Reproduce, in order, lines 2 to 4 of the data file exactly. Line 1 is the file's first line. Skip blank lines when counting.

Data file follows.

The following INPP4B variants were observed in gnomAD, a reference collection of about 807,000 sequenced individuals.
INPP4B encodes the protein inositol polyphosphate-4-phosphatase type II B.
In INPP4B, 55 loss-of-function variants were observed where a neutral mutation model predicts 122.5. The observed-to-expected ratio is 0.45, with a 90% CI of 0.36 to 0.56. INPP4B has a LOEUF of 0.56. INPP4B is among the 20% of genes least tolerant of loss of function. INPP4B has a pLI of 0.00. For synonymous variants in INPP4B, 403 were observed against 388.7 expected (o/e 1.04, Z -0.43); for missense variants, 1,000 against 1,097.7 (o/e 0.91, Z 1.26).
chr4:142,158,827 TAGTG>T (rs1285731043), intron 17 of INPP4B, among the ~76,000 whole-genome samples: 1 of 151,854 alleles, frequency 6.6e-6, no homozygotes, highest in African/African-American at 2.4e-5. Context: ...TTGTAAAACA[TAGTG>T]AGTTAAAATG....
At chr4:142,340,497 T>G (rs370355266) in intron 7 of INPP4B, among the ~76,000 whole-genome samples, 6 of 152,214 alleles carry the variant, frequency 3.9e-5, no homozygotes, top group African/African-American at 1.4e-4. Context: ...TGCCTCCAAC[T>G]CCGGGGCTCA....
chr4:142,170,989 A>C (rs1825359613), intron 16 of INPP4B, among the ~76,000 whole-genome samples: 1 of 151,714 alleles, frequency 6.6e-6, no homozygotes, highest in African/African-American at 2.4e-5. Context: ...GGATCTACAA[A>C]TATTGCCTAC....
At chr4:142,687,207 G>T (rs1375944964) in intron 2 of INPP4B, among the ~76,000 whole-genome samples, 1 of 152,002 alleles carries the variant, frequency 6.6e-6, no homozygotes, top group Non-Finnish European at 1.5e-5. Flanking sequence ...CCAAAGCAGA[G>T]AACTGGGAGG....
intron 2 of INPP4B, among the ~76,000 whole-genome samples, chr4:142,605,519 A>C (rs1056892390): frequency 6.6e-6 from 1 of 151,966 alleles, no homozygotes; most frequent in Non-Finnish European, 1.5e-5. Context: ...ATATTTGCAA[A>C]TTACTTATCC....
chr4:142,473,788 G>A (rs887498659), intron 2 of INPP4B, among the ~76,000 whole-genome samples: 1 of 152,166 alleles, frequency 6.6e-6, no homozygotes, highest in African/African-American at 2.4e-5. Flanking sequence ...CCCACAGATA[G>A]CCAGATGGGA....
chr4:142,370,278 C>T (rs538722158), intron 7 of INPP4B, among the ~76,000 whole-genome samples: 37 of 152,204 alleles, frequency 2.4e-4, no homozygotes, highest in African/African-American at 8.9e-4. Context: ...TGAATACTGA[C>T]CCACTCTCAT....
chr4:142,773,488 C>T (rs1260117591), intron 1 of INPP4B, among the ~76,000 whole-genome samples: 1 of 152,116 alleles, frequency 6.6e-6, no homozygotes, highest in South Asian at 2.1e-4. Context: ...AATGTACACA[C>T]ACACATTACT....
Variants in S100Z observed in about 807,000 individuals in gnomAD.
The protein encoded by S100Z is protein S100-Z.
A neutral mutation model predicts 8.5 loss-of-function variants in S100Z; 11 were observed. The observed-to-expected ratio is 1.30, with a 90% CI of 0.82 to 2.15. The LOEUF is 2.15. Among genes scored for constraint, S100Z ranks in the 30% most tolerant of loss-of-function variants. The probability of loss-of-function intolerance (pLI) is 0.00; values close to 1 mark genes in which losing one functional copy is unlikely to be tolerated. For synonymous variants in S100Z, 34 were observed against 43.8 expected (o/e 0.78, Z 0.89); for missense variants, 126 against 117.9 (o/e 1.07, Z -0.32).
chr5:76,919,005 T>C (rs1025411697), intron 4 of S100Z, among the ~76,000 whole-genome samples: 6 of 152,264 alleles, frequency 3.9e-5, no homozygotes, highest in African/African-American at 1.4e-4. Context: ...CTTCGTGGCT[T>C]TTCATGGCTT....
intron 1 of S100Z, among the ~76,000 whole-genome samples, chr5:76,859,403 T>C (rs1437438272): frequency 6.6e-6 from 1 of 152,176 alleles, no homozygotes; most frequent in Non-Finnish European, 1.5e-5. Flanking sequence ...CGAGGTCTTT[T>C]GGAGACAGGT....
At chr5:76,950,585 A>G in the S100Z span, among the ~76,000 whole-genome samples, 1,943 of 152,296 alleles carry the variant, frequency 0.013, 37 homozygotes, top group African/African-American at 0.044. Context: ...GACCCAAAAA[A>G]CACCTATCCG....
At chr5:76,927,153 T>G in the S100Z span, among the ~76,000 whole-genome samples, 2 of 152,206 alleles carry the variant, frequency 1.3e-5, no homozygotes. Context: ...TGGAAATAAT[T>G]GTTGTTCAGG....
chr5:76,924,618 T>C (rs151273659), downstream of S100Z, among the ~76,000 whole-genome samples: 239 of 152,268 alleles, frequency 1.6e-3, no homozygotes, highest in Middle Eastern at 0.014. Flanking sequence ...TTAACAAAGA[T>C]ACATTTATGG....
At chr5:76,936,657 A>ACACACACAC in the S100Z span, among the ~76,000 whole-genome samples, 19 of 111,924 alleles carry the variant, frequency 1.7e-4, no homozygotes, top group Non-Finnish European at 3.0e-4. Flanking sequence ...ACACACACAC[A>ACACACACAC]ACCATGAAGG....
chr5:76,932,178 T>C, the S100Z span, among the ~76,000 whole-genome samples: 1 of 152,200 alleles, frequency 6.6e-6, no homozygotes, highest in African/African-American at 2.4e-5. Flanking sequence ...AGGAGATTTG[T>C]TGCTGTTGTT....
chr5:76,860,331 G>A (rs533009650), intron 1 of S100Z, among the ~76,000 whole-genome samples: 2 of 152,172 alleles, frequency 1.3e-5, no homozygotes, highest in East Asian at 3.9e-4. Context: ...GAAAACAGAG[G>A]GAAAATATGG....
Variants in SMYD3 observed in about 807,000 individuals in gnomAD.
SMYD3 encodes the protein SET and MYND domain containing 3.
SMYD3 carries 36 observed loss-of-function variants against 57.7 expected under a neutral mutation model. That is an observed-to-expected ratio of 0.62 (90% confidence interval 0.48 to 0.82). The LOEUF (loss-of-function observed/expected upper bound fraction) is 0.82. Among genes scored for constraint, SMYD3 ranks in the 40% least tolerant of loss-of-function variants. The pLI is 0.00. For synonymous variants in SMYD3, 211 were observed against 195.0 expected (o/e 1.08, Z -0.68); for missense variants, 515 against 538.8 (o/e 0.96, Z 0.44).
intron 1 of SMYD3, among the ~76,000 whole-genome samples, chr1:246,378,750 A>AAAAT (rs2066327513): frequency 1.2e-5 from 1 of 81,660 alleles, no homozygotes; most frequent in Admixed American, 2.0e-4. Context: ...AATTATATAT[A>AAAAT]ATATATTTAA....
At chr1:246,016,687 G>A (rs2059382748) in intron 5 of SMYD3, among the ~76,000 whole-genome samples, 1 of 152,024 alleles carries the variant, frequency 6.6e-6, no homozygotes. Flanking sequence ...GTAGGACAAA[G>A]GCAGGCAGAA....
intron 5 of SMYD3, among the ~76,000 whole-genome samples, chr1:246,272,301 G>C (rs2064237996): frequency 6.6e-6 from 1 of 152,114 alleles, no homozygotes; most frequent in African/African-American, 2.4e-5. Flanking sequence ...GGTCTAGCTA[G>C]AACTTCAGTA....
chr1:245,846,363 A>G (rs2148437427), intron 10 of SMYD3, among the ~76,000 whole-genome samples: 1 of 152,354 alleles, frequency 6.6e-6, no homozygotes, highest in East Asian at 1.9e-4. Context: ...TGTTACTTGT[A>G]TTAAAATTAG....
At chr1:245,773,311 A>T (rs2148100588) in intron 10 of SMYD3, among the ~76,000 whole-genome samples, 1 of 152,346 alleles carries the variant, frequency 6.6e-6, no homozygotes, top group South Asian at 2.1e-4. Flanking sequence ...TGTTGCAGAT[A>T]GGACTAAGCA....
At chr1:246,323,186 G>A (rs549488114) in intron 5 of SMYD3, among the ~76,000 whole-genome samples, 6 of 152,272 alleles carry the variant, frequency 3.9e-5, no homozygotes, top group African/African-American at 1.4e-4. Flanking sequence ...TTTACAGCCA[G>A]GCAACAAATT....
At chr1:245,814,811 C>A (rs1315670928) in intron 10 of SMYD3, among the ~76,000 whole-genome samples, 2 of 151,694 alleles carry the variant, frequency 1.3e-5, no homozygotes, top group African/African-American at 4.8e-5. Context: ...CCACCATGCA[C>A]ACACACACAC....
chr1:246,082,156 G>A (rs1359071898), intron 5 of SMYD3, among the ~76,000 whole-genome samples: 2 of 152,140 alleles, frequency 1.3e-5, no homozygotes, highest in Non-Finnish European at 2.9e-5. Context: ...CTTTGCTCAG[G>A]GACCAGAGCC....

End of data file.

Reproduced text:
INPP4B encodes the protein inositol polyphosphate-4-phosphatase type II B.
In INPP4B, 55 loss-of-function variants were observed where a neutral mutation model predicts 122.5. The observed-to-expected ratio is 0.45, with a 90% CI of 0.36 to 0.56. INPP4B has a LOEUF of 0.56. INPP4B is among the 20% of genes least tolerant of loss of function. INPP4B has a pLI of 0.00. For synonymous variants in INPP4B, 403 were observed against 388.7 expected (o/e 1.04, Z -0.43); for missense variants, 1,000 against 1,097.7 (o/e 0.91, Z 1.26).
chr4:142,158,827 TAGTG>T (rs1285731043), intron 17 of INPP4B, among the ~76,000 whole-genome samples: 1 of 151,854 alleles, frequency 6.6e-6, no homozygotes, highest in African/African-American at 2.4e-5. Context: ...TTGTAAAACA[TAGTG>T]AGTTAAAATG....